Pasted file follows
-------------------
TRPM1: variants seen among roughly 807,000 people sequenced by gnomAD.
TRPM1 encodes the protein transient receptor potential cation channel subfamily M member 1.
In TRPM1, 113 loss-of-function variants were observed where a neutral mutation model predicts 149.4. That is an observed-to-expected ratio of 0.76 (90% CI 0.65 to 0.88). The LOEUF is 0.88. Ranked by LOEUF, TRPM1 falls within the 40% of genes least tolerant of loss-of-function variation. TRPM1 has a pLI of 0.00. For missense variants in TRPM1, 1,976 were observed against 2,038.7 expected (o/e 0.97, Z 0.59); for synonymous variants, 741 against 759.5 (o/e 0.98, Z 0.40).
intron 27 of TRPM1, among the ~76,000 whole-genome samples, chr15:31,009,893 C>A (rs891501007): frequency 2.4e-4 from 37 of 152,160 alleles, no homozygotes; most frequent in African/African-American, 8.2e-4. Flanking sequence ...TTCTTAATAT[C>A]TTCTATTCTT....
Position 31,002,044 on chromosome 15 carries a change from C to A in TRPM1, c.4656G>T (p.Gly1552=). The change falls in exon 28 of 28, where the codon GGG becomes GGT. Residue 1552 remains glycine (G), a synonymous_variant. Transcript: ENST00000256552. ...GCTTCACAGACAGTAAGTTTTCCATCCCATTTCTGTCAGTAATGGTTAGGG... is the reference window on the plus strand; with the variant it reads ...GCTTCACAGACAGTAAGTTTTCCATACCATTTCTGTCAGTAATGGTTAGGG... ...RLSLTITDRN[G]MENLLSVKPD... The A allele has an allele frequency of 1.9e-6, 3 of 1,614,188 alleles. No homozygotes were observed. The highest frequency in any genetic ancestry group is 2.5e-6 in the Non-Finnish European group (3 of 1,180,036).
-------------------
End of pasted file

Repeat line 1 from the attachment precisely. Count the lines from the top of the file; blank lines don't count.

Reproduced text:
TRPM1: variants seen among roughly 807,000 people sequenced by gnomAD.